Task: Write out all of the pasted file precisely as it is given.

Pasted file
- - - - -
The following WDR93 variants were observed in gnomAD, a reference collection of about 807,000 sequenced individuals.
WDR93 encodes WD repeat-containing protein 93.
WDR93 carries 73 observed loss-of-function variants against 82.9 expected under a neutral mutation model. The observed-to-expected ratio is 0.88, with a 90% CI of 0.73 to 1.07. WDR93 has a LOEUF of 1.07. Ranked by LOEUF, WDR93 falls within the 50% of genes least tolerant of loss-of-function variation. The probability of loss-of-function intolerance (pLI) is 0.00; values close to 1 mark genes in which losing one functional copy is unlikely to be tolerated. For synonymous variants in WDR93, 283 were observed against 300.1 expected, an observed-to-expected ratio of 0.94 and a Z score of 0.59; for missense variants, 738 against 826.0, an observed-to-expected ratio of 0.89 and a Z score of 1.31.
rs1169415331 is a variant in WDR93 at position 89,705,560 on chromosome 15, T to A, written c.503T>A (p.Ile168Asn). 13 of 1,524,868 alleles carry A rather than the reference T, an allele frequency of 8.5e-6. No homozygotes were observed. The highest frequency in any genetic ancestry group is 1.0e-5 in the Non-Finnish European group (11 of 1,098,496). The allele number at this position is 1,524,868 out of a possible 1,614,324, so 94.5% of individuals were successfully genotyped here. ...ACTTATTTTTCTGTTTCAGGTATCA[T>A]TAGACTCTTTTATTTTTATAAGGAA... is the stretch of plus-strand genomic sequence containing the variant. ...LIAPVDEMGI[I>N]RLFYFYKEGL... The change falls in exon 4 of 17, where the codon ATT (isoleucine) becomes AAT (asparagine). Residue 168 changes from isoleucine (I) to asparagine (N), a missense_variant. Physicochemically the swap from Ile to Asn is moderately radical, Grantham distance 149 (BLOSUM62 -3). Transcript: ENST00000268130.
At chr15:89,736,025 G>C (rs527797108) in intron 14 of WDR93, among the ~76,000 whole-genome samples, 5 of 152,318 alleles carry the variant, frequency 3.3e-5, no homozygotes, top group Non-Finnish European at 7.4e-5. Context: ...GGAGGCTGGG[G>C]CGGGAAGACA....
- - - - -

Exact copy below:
The following WDR93 variants were observed in gnomAD, a reference collection of about 807,000 sequenced individuals.
WDR93 encodes WD repeat-containing protein 93.
WDR93 carries 73 observed loss-of-function variants against 82.9 expected under a neutral mutation model. The observed-to-expected ratio is 0.88, with a 90% CI of 0.73 to 1.07. WDR93 has a LOEUF of 1.07. Ranked by LOEUF, WDR93 falls within the 50% of genes least tolerant of loss-of-function variation. The probability of loss-of-function intolerance (pLI) is 0.00; values close to 1 mark genes in which losing one functional copy is unlikely to be tolerated. For synonymous variants in WDR93, 283 were observed against 300.1 expected, an observed-to-expected ratio of 0.94 and a Z score of 0.59; for missense variants, 738 against 826.0, an observed-to-expected ratio of 0.89 and a Z score of 1.31.
rs1169415331 is a variant in WDR93 at position 89,705,560 on chromosome 15, T to A, written c.503T>A (p.Ile168Asn). 13 of 1,524,868 alleles carry A rather than the reference T, an allele frequency of 8.5e-6. No homozygotes were observed. The highest frequency in any genetic ancestry group is 1.0e-5 in the Non-Finnish European group (11 of 1,098,496). The allele number at this position is 1,524,868 out of a possible 1,614,324, so 94.5% of individuals were successfully genotyped here. ...ACTTATTTTTCTGTTTCAGGTATCA[T>A]TAGACTCTTTTATTTTTATAAGGAA... is the stretch of plus-strand genomic sequence containing the variant. ...LIAPVDEMGI[I>N]RLFYFYKEGL... The change falls in exon 4 of 17, where the codon ATT (isoleucine) becomes AAT (asparagine). Residue 168 changes from isoleucine (I) to asparagine (N), a missense_variant. Physicochemically the swap from Ile to Asn is moderately radical, Grantham distance 149 (BLOSUM62 -3). Transcript: ENST00000268130.
At chr15:89,736,025 G>C (rs527797108) in intron 14 of WDR93, among the ~76,000 whole-genome samples, 5 of 152,318 alleles carry the variant, frequency 3.3e-5, no homozygotes, top group Non-Finnish European at 7.4e-5. Context: ...GGAGGCTGGG[G>C]CGGGAAGACA....